This is the late Leonardo Santilli, a career money launderer named in the PDVSA investigation in which the Malta money launderers are also targets, who was a dual citizen of both Italy and Venezuela. Signore Santilli was assassinated earlier this year, in broad daylight, in Caracas, by a several motorcycle-borne contract assassins. Charged with multiple money laundering counts in US District Court in Miami, he was openly cooperating with law enforcement, but did not enter any witness protection program (WitSec), or have any personal security protection in place when he was gunned down on the street. There are as many as fifteen other alleged money launderers believed to be engaged in cooperation with the US Department of Justice, in several countries, but Santilli is thought to be the first one to be killed, to prevent him for testifying at trial. Santilli also appears as Leonardo Santilli Garcia.
Why is this of interest in Malta ? Santilli's case is part of the massive money laundering investigation where both Pilatus Bank and Portmann Capital Management Ltd. allegedly moved hundreds of millions of dollars, obtained from grossly inflated PDVSA contracts, in a massive criminal conspiracy to defraud the government-owned oil company. While not named in the Miami indictment of a large number of money launderers, listed as" European Financial Institution 1," Portmann Capital has appeared elsewhere under that pseudonym. It is not known whether he ever visited Portmann's office in Malta, or whether there is any correspondence between him and Portmann officers.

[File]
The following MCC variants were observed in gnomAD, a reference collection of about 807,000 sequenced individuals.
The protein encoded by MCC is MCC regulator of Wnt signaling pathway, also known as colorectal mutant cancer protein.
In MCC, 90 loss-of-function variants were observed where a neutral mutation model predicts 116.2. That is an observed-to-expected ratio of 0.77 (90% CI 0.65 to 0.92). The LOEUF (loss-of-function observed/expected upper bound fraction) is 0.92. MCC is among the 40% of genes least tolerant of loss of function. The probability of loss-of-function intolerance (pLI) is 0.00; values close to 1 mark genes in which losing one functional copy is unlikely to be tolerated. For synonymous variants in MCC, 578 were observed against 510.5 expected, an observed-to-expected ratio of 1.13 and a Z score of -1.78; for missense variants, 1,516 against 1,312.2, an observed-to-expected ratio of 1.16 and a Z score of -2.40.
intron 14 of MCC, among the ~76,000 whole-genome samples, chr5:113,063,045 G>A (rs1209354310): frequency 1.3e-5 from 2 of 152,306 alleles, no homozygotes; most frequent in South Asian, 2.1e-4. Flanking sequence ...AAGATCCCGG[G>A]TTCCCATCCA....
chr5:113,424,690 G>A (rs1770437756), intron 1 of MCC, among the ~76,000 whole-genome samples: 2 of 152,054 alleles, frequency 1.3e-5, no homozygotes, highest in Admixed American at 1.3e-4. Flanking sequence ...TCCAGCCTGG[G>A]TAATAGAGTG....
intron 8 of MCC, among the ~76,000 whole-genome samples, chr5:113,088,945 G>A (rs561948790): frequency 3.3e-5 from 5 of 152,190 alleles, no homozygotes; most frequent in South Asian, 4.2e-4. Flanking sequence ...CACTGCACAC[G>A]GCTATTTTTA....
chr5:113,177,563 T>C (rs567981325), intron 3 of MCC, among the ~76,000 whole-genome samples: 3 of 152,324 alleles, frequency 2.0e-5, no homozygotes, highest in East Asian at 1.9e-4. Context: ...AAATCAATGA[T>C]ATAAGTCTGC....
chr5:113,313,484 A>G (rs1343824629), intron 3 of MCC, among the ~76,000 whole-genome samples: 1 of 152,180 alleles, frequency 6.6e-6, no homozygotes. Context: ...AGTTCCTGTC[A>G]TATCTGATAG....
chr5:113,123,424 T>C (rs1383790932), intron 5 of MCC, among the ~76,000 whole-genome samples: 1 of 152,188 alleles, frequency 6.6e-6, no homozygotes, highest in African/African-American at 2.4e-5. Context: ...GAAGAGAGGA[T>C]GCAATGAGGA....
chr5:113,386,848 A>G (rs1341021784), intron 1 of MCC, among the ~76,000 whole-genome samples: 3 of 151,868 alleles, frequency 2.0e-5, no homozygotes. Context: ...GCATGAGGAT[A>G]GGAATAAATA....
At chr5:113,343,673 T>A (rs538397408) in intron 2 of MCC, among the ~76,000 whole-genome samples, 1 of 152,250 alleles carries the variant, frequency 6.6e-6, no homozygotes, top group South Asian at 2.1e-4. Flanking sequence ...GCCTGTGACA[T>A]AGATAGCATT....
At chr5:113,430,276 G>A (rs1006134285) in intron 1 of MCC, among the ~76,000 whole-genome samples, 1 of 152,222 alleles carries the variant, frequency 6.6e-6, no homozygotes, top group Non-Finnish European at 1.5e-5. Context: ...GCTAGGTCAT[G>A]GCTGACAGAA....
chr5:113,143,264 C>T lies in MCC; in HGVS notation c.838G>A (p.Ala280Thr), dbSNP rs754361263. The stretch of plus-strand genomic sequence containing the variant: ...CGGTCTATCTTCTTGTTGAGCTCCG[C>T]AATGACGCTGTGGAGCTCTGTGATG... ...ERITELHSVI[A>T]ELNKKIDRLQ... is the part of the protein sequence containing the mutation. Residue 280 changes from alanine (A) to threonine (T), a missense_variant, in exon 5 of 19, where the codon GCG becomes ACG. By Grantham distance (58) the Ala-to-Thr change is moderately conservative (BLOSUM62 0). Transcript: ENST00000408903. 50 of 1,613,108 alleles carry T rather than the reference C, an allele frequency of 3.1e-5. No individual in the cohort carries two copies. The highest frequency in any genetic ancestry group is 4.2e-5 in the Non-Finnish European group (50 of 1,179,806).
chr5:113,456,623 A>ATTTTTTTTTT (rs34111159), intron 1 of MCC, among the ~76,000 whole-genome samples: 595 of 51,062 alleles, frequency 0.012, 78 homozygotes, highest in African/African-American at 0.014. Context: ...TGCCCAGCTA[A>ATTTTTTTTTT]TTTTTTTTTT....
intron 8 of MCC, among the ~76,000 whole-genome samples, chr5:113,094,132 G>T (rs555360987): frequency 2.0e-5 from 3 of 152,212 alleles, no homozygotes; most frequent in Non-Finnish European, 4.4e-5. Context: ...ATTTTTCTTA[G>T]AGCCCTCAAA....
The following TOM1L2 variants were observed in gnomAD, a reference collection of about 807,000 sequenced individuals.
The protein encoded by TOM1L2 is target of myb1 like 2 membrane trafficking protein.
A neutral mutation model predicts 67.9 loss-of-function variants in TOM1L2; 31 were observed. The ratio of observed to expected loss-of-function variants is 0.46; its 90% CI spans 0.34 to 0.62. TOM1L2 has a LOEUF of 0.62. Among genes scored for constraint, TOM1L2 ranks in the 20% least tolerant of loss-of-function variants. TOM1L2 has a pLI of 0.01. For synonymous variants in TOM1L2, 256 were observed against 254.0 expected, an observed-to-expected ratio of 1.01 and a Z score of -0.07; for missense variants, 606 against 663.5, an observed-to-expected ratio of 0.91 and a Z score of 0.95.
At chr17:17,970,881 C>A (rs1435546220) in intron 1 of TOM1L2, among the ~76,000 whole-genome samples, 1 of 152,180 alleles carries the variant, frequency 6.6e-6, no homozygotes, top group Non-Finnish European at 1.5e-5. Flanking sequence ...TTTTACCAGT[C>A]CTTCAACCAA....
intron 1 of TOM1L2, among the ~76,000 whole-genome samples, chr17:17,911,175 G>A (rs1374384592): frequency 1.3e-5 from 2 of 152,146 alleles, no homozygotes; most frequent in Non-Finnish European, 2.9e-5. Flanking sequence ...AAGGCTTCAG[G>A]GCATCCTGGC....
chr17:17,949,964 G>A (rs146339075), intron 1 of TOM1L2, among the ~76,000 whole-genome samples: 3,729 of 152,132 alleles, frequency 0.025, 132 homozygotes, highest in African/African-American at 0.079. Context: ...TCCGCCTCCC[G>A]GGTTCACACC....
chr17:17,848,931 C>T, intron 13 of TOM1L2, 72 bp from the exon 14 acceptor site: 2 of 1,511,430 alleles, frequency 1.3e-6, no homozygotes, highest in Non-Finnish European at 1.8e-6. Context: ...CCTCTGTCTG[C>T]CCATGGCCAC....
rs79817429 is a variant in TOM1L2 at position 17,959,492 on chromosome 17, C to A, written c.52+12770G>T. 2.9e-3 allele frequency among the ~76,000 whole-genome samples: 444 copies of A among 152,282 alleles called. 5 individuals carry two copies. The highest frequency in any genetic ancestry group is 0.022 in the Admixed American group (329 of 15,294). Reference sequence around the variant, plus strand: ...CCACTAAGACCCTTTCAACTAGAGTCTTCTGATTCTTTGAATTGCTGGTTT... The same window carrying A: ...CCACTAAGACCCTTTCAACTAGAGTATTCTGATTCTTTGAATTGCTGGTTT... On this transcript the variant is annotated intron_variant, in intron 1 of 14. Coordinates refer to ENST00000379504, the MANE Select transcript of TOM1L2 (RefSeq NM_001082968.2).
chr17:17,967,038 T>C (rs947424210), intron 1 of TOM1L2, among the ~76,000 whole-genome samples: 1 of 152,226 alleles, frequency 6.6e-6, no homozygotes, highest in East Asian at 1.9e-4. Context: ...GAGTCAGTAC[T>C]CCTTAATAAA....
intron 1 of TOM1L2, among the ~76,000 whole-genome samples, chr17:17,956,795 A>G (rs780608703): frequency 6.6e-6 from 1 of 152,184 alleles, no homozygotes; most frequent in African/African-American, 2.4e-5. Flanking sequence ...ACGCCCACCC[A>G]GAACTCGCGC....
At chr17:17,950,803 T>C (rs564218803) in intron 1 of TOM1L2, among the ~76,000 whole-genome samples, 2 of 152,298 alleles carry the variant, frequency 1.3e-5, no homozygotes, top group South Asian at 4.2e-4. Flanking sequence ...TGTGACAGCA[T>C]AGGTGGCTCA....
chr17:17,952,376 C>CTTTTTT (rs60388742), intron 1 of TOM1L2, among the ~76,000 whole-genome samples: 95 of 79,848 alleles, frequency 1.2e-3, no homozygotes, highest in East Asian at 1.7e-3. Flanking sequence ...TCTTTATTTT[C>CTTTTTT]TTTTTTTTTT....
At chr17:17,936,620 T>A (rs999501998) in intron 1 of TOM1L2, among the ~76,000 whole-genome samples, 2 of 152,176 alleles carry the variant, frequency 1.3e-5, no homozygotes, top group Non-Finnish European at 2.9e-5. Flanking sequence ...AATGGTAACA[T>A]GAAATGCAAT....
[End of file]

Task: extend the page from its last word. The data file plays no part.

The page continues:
Santilli reportedly personally paid bribes of over $9m to unnamed government officials to obtain procurement contracts; in return he received, and allegedly laundered, at least $145 million in criminal proceeds. He utilized companies in Venezuela, Florida, California and Hong Kong to move the proceeds of crime abroad. His testimony could have convicted powerful individuals in the case, who profited immensely from the fraud, and his violent death was not a total surprise. US authorities have frozen $44.7m in his North American bank accounts, which were held in 17 bank accounts.
Some observers of the Miami money laundering scene, who are familiar with the case, are openly wondering whether the cooperating witness, Swiss banker Matthias Krull, gave evidence that outed Santilli, forcing his cooperation and subsequent assassination. Krull, as we have previously noted, has been working with US law enforcement for more than two years.
Did the yet-unsolved Santilli murder cause the Government of Italy to initiate a criminal investigation ? We cannot say, but, in addition our previous information, regarding money laundering in a Malta fashion house, through manufacturers in Milan, the Santilli case could have resulted in an expansion of the existing investigation.
Perhaps the Malta money laundering targets may, armed with this information, rethink their refusal to cooperate with the multiple law enforcement investigations in progress in Europe and the United States, making sure to guarantee their safety through enrollment in a witness protection program, or to establish some security protocols, for personal safety, and that of their families.
From my experience as a money launderer, nobody moves $1.2bn through any country's banks without being noticed, unless they have the cooperation of government officials, bank regulators (MFSA and FIAU), compliance officers and even investigators, all of whom would have spotted the transfers, and would have stopped them unless substantial bribes were paid.
Santilli was right in the middle of making arrangements to turn himself in to US law enforcement when he was killed; Malta's money launderers might want to think about that for a moment.